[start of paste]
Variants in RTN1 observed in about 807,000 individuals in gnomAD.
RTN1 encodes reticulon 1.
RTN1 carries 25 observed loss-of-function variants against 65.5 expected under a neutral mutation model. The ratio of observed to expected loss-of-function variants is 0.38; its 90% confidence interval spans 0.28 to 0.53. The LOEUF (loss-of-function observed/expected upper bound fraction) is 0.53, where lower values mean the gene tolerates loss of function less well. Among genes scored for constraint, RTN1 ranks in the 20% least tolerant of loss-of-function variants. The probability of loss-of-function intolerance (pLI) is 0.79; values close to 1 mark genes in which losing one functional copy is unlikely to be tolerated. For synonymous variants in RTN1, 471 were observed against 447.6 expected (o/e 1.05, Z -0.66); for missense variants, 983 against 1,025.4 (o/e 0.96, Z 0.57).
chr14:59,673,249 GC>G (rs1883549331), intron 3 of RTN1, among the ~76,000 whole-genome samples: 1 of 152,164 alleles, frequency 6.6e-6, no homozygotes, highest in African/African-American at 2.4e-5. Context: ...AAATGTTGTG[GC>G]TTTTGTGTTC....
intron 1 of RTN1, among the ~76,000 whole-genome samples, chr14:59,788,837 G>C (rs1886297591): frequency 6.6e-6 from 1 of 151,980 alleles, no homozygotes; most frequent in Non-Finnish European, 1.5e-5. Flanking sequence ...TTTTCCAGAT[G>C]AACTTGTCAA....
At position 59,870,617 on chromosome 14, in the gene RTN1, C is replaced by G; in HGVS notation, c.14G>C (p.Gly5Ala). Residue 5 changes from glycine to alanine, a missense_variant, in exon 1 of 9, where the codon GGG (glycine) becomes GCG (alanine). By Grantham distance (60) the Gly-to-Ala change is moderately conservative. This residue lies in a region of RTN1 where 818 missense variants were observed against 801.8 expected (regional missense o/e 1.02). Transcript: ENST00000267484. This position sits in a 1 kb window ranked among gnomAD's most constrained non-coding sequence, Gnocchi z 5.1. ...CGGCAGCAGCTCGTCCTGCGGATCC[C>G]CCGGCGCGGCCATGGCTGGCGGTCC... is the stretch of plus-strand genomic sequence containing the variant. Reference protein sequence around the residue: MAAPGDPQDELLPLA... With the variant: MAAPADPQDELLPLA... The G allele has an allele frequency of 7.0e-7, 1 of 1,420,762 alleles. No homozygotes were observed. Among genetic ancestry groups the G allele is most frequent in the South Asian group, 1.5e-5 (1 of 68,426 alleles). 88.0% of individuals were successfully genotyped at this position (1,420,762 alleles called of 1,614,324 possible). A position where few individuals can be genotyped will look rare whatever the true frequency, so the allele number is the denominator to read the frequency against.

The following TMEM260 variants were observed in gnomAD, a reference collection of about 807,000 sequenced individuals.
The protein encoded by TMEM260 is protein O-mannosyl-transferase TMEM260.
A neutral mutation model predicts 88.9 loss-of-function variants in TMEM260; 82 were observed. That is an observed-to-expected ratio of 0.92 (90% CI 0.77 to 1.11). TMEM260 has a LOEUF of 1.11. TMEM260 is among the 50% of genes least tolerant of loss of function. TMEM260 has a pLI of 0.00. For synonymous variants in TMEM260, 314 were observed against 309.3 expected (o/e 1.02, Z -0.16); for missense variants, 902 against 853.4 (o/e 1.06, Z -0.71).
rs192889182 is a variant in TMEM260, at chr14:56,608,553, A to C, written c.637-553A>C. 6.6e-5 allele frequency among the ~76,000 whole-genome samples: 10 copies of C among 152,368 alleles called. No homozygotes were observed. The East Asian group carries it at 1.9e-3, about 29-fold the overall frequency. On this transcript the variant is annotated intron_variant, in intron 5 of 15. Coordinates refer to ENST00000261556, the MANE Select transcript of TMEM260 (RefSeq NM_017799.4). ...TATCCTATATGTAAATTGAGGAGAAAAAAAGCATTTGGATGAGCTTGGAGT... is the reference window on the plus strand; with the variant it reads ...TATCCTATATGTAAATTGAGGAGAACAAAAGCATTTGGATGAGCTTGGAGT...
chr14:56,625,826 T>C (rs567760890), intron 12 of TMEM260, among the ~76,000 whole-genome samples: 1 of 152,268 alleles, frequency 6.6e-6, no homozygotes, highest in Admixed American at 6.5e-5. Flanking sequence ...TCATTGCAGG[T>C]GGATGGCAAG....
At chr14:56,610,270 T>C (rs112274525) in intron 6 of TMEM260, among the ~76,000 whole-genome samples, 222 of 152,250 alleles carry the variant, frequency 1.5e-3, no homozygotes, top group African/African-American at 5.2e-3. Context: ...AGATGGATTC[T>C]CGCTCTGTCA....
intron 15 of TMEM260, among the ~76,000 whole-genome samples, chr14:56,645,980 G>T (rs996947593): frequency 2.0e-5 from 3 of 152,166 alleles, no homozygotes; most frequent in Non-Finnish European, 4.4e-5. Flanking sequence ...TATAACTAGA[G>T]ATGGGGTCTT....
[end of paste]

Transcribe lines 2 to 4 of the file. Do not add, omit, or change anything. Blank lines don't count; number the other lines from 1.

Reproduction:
RTN1 encodes reticulon 1.
RTN1 carries 25 observed loss-of-function variants against 65.5 expected under a neutral mutation model. The ratio of observed to expected loss-of-function variants is 0.38; its 90% confidence interval spans 0.28 to 0.53. The LOEUF (loss-of-function observed/expected upper bound fraction) is 0.53, where lower values mean the gene tolerates loss of function less well. Among genes scored for constraint, RTN1 ranks in the 20% least tolerant of loss-of-function variants. The probability of loss-of-function intolerance (pLI) is 0.79; values close to 1 mark genes in which losing one functional copy is unlikely to be tolerated. For synonymous variants in RTN1, 471 were observed against 447.6 expected (o/e 1.05, Z -0.66); for missense variants, 983 against 1,025.4 (o/e 0.96, Z 0.57).
chr14:59,673,249 GC>G (rs1883549331), intron 3 of RTN1, among the ~76,000 whole-genome samples: 1 of 152,164 alleles, frequency 6.6e-6, no homozygotes, highest in African/African-American at 2.4e-5. Context: ...AAATGTTGTG[GC>G]TTTTGTGTTC....